Mental Health First Aid as a Skill Set for Community Pharmacy Personnel

Pharmacy Practice in Focus: OncologyOctober 2015
Volume 2
Issue 4

Mental illness affects tens of millions of people in the United States each year. However, overall, only about half of those affected receive treatment.

Why Is Mental Health First Aid (MHFA) Training Needed?

  • Improves understanding of presentation and pervasiveness of mental illness
  • Challenges myths and misconceptions regarding engaging individuals who have a mental illness
  • Improves general understanding of the spectrum of interventions and support for individuals with mental illness in the community
  • Increases comfort and confidence in talking with individuals with mental illness and understanding their unique needs

How Does MHFA Training Help the Pharmacist in Practice?

  • Pharmacists will be better able to provide assistance in decreasing the distress related to stressful situations, trauma, and crisis
  • Provides pharmacists with the tools to build trusting relationships to help others
  • Pharmacists will have an improved comfort level in interacting with individuals with mental illness by knowing appropriate community-based referral options and support systems
  • Pharmacists will be enabled to assist in promoting wellness and recovery for those dealing with mental illness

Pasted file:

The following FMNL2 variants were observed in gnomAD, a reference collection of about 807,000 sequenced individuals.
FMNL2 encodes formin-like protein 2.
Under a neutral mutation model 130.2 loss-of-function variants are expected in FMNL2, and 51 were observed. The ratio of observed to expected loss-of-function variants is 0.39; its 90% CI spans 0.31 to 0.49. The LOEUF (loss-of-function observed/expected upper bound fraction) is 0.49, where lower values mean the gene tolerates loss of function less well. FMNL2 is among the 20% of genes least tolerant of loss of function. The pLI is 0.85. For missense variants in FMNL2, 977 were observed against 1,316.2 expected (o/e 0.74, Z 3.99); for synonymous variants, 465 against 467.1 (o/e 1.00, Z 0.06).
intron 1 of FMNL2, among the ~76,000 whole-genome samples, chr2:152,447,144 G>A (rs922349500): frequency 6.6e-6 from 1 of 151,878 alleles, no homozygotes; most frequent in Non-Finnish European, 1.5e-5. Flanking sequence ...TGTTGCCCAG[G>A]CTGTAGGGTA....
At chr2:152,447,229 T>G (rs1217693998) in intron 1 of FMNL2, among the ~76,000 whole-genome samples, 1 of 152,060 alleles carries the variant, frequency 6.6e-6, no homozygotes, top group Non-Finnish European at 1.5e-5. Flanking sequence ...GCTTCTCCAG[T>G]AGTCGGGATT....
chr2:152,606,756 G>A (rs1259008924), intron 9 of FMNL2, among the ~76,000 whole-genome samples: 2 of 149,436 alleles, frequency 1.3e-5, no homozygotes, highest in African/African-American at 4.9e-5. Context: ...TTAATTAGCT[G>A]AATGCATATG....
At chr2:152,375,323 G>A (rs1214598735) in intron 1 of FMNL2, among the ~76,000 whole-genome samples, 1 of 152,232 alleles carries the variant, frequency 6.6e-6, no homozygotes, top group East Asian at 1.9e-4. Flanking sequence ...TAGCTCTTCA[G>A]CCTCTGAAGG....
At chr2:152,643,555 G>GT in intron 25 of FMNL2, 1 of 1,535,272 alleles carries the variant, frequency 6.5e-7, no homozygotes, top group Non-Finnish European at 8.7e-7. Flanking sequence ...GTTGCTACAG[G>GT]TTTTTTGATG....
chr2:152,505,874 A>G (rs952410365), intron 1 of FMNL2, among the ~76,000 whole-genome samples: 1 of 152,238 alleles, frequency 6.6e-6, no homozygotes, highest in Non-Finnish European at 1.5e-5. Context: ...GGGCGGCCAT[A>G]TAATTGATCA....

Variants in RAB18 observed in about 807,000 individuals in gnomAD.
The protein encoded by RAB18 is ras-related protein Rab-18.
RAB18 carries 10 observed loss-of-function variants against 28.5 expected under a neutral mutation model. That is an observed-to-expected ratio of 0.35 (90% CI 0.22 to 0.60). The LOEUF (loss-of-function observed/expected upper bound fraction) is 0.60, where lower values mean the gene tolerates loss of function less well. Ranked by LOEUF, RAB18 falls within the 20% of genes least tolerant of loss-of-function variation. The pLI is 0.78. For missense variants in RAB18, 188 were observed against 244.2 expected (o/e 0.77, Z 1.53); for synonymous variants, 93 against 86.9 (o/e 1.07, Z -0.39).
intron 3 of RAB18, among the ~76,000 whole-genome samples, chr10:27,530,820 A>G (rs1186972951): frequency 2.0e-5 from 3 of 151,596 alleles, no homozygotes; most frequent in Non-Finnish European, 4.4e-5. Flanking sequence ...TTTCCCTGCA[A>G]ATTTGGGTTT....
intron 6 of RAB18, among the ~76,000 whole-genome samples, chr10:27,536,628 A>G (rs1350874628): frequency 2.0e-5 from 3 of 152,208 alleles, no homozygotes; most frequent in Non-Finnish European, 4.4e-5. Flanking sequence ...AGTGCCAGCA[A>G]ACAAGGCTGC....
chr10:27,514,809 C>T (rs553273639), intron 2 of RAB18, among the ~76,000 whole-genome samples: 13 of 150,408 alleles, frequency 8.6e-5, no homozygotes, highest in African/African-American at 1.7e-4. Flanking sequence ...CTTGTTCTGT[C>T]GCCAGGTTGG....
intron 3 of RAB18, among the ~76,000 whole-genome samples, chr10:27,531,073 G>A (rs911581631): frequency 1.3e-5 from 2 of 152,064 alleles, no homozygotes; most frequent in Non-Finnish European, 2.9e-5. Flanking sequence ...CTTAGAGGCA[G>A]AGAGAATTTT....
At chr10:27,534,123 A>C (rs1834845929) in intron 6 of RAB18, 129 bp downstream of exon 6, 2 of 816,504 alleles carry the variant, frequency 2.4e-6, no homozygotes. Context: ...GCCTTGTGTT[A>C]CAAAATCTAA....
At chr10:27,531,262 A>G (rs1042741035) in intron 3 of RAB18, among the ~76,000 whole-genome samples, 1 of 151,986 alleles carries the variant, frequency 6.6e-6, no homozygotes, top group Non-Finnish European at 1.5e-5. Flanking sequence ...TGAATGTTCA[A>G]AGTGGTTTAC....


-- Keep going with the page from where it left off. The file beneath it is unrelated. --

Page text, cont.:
Mental illness affects tens of millions of people in the United States each year. However, overall, only about half of those affected receive treatment.1 For patients with mental illness, there are many barriers to care, including lack of access and of disease state information, limited financial resources, inadequate transportation, and stigma. Patients with mental illness may be stigmatized, even by health care professionals. Such bias can serve as a barrier to patients receiving optimal care, hinder them from realizing their potential, and be detrimental to their sense of well-being.

People suffering from mental illnesses perceive the stigma that exists related to their disorders; the discomfort felt by health care professionals and the general public in interacting with people with mental illness can be an additional barrier to care. It is essential that everyone, including health care professionals, be aware of any biases they might have toward patients with mental illness and make an effort to inform themselves on these conditions with factual information based on research findings.

The College of Psychiatric and Neurologic Pharmacists (CPNP) Foundation, in collaboration with the National Alliance on Mental Illness, conducted an online survey of individuals with mental health conditions (or their family members) about their interactions with their community pharmacists. The 2007 Wilson Rx Pharmacy Customer Satisfaction Survey reports that the average pharmacy customer visits their pharmacy an average 2 to 3 times per month, nearly 12 times their number of primary care doctor visits and 16 times more often than they visit a specialist physician in a year. Therefore, there are multiple opportunities for pharmacists to impact patient care in the community pharmacy setting.

Over 1000 individuals responded to the survey, and 65% of respondents were individuals with a mental health condition. Eighty percent of all respondents reported that they exclusively used a community pharmacy to fill their prescriptions for mental health medications. Responses demonstrate several opportunities for improvement in the community pharmacy setting in the areas of access to pharmacists, privacy, and professional relationship-building, and increased assistance with effectiveness or safety monitoring of mental health medication.2